intertrochanteric femur fractures

One of the most common fracture patterns in the setting of osteoporosis is the inter-trochanteric femur fracture.  This fracture is described as an inter-trochanteric pattern because the fracture lines occur in the area of the femur between the greater and the lesser trochanter.  The most common cause that results in this type of a fracture is a ground level fall in which the patient lands on the side of the hip on a hard surface, breaking the bone.  In the following X-rays, we are able to see the inter-trochanteric region of the normal femur, and there are also a couple of examples of relatively simple, and then progressively more complicated inter-trochanteric femur fractures.  You can click on any of the thumbnails to enlarge them and on the enlarged images the white dots trace the fracture lines.

intertrochanteric-region  inter-trochanteric-hip-fracture  hip-fracture-proximal-femur


Here is an image from the Google body browser with the intertrochanteric region of the femur annotated.  In this example, it is a right femur seen from behind the patient.

intertrochanteric region google body

Historically, the most common surgical procedure for fixing inter-trochanteric femur fractures was the dynamic hip screw, also known as the screw and slide plate.  This device resulted in a dramatic improvement over previous generations of orthopedic instrumentation and it tended to stimulate relatively reliable healing.  However, a newer generation implant — an intra-medullary device — often represents an even greater improvement.  This device — and the one that I use most frequently is called the Synthes Trochanteric Femoral Nail — is designed to be inserted through 2 or 3 small incisions and it reconstructs the weight bearing ability of the proximal femur by placing two interlocking titanium cylinders inside the bone marrow area of the femur.  In my hands, this device has been very reliable.  The small incisions typically heal completely, the fracture healing is very reliable, complications are few, and there rarely seems to be much concern over limb length inequality after fracture healing — which was almost always expected after surgical treatment with a screw and a side plate.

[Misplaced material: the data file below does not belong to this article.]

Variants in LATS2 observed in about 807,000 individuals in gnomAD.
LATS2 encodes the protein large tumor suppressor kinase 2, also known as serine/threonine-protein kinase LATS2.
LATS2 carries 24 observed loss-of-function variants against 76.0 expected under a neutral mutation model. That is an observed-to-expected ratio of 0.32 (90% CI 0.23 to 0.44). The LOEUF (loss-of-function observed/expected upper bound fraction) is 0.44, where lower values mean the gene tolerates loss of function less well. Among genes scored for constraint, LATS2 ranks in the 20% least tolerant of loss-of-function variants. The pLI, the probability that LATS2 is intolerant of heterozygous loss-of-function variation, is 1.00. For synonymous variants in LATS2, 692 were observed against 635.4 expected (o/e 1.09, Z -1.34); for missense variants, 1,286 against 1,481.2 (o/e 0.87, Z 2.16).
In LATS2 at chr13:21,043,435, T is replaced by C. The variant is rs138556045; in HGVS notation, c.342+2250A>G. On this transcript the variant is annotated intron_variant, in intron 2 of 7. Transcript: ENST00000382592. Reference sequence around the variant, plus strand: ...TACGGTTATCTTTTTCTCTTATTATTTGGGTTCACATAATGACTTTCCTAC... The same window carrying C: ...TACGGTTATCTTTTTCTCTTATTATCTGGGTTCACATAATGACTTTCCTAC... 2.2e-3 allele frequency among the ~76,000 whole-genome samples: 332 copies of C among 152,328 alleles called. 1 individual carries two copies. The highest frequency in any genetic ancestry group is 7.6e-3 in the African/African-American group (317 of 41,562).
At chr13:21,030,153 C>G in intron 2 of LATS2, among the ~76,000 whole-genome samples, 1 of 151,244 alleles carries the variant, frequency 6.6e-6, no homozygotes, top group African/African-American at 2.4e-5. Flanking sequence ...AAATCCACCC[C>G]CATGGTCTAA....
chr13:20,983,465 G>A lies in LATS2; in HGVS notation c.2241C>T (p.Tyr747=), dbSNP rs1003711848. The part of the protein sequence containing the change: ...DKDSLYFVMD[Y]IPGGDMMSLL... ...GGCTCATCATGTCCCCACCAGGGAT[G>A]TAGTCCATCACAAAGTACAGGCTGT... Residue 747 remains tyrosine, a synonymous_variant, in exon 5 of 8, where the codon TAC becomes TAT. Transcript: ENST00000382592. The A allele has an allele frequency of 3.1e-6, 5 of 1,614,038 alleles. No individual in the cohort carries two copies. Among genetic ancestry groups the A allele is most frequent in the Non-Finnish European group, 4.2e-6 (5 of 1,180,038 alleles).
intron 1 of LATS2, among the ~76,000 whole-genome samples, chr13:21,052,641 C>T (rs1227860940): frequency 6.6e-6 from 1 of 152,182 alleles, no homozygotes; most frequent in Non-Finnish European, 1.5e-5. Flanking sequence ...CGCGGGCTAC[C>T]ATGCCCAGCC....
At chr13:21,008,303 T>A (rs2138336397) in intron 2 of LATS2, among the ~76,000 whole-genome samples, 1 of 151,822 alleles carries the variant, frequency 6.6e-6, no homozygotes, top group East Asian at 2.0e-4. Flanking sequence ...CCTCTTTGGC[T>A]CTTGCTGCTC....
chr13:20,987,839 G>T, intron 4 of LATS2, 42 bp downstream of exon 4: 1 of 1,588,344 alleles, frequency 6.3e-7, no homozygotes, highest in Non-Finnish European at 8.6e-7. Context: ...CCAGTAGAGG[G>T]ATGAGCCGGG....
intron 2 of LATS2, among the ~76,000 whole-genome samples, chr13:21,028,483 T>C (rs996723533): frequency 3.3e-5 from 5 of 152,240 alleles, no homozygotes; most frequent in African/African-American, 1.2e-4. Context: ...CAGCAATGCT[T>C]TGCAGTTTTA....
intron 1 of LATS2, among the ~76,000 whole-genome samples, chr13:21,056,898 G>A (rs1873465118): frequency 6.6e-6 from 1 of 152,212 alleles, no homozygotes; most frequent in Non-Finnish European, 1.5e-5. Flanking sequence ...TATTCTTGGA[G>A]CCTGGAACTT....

Leave a Reply

Your email address will not be published.

You may use these HTML tags and attributes: <a href="" title=""> <abbr title=""> <acronym title=""> <b> <blockquote cite=""> <cite> <code> <del datetime=""> <em> <i> <q cite=""> <strike> <strong>